4. Article 57(1) of the Constitution of Ghana creates the authority /power of the state and its exercise. Article 57(2) gives the chain of precedence of those who can exercise the authority of state, namely the President, the Vice-President, the Speaker of Parliament and the Chief Justice. It must be noted here that the authority to exercise the powers of government are not left to the generality of the judiciary but specifically for the office of the Chief Justice. Indeed Article 125(4) creates the office of a Chief Justice who epitomizes the Judicial Arm of government such that the performance of the functions contemplated in Article 125(3) by other judicial officiants sources from his/her delegations. It does not happen per accident that Articles 128(1), 136(1),139(1), 142(1) and parallels include the Chief Justice in all the layers of the judicial offices. The administrative functions and all the duties to enpanel a court may be construed as means of delegation.
Again it can only be for a reason that writs are not issued in the name of parcticular courts but in the name of the Chief Justice. Therefore much as Article 58 gives the power of delegation to the President for efficiency and effectiveness so does the Chief Justice gets compliments from judges and other judicial officers. So if priests can serve under Ministry of Education or the Police Service or the Armed Forces which are under the Executive Arm of government, mutatis mutandis, a priest can serve under Judicial Arm of government.
4. Now issues of conflict with the Church: Canon 285§3 is emphatic that priests are forbidden to assume public offices which entail a participation in the exercise of civil power. Provost J, has defined public office to include: administrative, legislative, judiciary, zonal boards, school boards and the like.
This canon dwells its strength on Lumen Gentium #31 which separates the roles of the laity from those in Holy Orders and cautions clerics in order that the do not confuse themselves. More to this,  the 1971 Synod of Bishops had attentioned that politics is contingent thus priests who are witnesses to the hereafter ought not meddle in them.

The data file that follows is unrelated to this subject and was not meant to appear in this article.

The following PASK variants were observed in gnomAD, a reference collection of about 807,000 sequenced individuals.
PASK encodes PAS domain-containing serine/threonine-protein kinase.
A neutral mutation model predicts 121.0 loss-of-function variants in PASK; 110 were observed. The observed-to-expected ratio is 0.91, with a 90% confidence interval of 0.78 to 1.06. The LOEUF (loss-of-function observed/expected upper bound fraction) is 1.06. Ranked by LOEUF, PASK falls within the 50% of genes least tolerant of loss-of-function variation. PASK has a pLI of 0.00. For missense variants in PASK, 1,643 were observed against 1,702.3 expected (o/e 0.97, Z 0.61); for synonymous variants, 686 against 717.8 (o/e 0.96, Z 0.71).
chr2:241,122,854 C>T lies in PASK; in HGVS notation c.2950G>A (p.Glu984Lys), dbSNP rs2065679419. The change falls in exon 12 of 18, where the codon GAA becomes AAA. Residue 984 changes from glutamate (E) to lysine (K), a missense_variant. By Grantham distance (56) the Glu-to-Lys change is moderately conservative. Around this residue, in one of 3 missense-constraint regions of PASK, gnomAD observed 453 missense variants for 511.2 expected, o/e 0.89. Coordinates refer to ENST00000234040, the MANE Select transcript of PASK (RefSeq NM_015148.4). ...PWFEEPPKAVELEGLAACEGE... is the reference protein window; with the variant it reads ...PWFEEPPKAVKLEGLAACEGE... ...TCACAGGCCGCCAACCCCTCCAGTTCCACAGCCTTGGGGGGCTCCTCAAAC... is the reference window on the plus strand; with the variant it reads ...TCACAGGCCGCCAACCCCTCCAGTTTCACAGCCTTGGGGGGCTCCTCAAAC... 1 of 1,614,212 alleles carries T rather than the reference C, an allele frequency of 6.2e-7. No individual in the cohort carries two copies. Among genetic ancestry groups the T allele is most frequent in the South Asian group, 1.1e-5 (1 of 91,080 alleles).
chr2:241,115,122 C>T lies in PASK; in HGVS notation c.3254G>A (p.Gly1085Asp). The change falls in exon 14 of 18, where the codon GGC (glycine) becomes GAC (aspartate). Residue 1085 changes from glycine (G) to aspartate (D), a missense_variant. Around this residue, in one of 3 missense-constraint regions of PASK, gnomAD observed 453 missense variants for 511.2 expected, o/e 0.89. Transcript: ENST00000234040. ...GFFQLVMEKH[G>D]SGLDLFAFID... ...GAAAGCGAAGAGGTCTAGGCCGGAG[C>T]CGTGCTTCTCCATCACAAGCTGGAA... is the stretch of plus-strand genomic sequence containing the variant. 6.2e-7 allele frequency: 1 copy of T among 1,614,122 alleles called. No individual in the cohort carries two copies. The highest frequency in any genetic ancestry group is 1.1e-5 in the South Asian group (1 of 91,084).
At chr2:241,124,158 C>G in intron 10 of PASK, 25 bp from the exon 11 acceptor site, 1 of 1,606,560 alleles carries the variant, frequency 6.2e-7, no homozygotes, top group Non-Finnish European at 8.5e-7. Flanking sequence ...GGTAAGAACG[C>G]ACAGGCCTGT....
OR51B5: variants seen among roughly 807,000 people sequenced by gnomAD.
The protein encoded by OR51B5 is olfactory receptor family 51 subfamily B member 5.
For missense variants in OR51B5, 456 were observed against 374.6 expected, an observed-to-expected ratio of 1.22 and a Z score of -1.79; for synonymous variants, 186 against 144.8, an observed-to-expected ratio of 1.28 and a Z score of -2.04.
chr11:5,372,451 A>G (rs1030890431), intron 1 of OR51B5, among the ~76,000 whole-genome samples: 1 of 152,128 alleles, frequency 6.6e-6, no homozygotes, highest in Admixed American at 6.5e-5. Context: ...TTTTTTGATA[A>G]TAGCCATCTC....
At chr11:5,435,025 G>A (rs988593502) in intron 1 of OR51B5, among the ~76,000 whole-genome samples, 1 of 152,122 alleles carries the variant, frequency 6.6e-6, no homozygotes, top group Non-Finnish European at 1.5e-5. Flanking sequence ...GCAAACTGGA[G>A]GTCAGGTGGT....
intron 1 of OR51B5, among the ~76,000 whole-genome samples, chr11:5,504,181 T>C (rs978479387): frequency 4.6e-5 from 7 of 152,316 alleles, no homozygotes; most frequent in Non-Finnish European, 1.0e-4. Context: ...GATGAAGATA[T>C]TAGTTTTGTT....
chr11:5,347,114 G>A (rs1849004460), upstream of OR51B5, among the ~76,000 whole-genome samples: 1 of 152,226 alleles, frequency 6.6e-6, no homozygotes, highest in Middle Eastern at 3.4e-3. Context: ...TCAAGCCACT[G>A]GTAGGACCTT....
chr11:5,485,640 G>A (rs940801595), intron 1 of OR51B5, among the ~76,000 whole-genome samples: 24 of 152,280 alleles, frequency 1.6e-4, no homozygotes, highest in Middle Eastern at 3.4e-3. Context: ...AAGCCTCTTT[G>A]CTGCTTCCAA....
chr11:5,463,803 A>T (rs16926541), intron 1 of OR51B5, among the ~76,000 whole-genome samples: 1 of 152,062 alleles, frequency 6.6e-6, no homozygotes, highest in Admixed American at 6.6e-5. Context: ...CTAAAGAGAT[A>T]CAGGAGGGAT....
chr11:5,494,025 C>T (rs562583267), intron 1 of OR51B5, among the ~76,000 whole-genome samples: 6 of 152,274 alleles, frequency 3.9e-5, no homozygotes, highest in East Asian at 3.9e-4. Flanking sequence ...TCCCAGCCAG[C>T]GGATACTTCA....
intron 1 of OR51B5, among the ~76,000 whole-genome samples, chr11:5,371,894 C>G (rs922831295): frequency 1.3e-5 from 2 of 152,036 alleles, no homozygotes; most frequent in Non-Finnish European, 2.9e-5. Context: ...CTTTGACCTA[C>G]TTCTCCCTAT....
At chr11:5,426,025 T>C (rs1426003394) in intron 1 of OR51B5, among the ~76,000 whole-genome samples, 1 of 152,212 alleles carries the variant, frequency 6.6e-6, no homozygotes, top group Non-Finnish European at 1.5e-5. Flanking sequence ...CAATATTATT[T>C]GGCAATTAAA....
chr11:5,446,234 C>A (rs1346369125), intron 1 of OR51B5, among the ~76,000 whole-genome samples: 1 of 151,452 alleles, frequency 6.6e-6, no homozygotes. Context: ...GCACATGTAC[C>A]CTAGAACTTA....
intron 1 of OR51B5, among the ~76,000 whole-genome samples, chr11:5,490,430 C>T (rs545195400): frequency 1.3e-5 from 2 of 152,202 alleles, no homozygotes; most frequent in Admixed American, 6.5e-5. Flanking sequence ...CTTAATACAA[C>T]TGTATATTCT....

Whilst it is a truism that Pope Paul VI, forbade Ordinaries from dispensation from such prohibitions in his Apostolic Letter ‘ De Episcoporum Muneribus’ in 1966, presently, Canon 87§1 allows Diocesan Bishops to dispense from universal disciplinary laws as he judges helpful for the spiritual good of the faithful; or those not reserved for the Apostolic See. Again, Canon 90, effectuates this provision by only cautioning the Ordinaries to exercise greater care in evaluating the just and reasonable grounds upon which they dispense clerics to take up such assignments.
5. In conclusion,
Yes, a Priest, Lawyer Fr Joseph Adu Owusu Agyeman is now a Justice of the High Court.  It is allowed by the Church to serve one’s Nation/State in the Public Office as Lecturers, Professors, Accountants, Chaplains to the Armed Forces, Security Forces, Doctors, Nurses, Midwives, Pharmacists, etc BUT NOT in positions of partisan  Political nature, such as that of a President, nor to the position a Chief.
By the Church’s law, a Priest-Judge like Fr Adu Wusu Agyemang, shall be limited to offering private Masses himself, for God’s People and His Church.
SIGNIFICANTLY one point must be explained. There is a clear distinction between a Priest as a Judge and the priestly office. One is profession and the other is vocation.
The two offices are not conflicted. In the essence of our baptism is the tri-munera  function of priestly, kingly-judge, and prophetic-teaching. Indeed Christ himself came to us as a GENTLE JUDGE.
Please pray for our Priest Judge to make a difference and be an Evangelizer in the Judiciary. Amen.